Takata Corp has announced that it is doubling its recall of defective airbags. At nearly 34 million vehicles made by 11 auto companies, it is the largest automotive recall in the history of the United States. Quite a “feat” for a company that initially resisted issuing a recall at all.
We have spread the word about these defective airbags several times in this blog. A flaw in the system can cause them to inflate with too much force, causing plastic and metal shrapnel to burst into the cab. So far, six deaths have been linked to this problem.
Still, Takata initially denied that a recall of this size was necessary, and dragged its feet with regard to an investigation by the National Highway Transportation Safety Administration. In response to pressure to expand the recall, the company claimed the airbag defect is not “officially recognized.” In February, NHTSA began fining the auto parts maker $14,000 per day for failing to cooperate.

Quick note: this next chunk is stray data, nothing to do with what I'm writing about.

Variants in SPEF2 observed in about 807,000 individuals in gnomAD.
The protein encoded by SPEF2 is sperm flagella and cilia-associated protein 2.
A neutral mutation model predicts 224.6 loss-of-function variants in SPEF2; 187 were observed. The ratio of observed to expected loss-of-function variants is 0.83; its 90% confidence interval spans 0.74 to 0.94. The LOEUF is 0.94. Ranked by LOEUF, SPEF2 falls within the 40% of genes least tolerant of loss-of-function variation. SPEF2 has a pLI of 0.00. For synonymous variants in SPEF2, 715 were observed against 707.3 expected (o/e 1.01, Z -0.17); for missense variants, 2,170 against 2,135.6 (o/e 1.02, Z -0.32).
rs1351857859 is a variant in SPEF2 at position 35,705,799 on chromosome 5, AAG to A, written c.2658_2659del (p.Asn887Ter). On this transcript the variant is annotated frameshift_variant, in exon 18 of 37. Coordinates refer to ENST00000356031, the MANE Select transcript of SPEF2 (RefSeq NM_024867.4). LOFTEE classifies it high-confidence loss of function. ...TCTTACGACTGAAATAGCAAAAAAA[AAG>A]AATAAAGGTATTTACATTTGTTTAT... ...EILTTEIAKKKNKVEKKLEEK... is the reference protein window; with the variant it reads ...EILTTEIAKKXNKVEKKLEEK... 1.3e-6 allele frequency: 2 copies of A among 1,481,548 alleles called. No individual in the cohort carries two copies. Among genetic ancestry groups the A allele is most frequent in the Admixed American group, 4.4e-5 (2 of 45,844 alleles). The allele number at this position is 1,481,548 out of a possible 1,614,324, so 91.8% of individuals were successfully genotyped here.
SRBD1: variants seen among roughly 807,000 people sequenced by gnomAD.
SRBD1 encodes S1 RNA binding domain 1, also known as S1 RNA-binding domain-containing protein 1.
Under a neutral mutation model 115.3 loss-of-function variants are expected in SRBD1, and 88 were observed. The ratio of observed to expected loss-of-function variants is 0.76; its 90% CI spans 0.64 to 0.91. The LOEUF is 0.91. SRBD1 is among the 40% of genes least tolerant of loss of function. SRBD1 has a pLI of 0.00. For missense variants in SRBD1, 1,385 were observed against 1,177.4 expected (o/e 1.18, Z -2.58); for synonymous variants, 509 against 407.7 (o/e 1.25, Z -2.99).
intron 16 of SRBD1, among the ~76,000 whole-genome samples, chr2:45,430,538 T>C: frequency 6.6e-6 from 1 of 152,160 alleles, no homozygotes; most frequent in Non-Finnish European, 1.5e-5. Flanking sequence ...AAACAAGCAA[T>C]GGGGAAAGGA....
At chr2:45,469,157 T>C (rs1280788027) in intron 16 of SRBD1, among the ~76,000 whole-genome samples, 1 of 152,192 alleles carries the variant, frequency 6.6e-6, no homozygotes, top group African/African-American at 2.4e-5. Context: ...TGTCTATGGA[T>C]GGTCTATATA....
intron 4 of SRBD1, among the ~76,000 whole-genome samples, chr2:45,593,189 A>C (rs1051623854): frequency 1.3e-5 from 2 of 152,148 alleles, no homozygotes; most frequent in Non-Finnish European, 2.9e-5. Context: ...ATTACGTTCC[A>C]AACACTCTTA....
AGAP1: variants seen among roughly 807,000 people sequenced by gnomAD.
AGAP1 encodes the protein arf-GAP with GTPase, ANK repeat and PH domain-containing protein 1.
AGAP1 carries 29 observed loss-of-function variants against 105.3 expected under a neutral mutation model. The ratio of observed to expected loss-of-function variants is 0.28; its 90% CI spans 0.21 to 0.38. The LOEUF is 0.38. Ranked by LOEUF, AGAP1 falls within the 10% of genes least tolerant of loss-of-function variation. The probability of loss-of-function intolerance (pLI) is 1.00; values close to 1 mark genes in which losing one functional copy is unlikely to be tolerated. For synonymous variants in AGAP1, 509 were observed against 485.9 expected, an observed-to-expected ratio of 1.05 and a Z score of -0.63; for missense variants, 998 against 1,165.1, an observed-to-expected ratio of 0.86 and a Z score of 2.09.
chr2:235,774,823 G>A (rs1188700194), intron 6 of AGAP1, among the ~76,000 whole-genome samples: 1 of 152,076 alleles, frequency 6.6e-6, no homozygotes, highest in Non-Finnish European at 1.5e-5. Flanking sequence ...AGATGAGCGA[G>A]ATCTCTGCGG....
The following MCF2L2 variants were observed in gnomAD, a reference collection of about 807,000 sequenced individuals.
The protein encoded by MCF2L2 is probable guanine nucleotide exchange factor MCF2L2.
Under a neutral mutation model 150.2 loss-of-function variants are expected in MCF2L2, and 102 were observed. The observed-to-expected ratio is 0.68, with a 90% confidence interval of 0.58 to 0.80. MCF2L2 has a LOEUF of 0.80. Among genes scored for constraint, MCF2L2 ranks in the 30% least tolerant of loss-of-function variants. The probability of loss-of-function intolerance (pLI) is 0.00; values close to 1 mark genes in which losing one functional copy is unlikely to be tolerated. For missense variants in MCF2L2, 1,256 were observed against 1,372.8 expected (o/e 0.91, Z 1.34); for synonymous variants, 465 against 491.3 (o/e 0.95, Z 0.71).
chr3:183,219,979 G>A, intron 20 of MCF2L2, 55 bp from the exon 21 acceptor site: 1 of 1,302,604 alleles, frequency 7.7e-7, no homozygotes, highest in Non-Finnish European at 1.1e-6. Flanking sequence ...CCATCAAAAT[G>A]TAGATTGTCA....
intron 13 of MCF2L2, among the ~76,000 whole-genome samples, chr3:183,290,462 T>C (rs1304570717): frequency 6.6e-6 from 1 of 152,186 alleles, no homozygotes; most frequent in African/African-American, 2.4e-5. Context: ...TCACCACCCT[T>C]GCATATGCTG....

Prior to the latest announcement, 16.6 million vehicles in the U.S. had already been recalled to fix the airbags. The expansion will roughly double that total. Globally, more than 53 million vehicles with Takata airbags have been affected since 2008, according to Reuters.
Though vehicles from nearly a dozen automakers are included in the expanding recall, all six deaths occurred in Hondas. Honda is Takata’s biggest customer.
Besides criminal and regulatory investigations in Takata’s conduct, the company, the world’s second-biggest manufacturer of airbags, is facing several class action lawsuits from victims. As we begin to get an idea of the scope of the danger, it would be no surprise if more and more injured people come forward.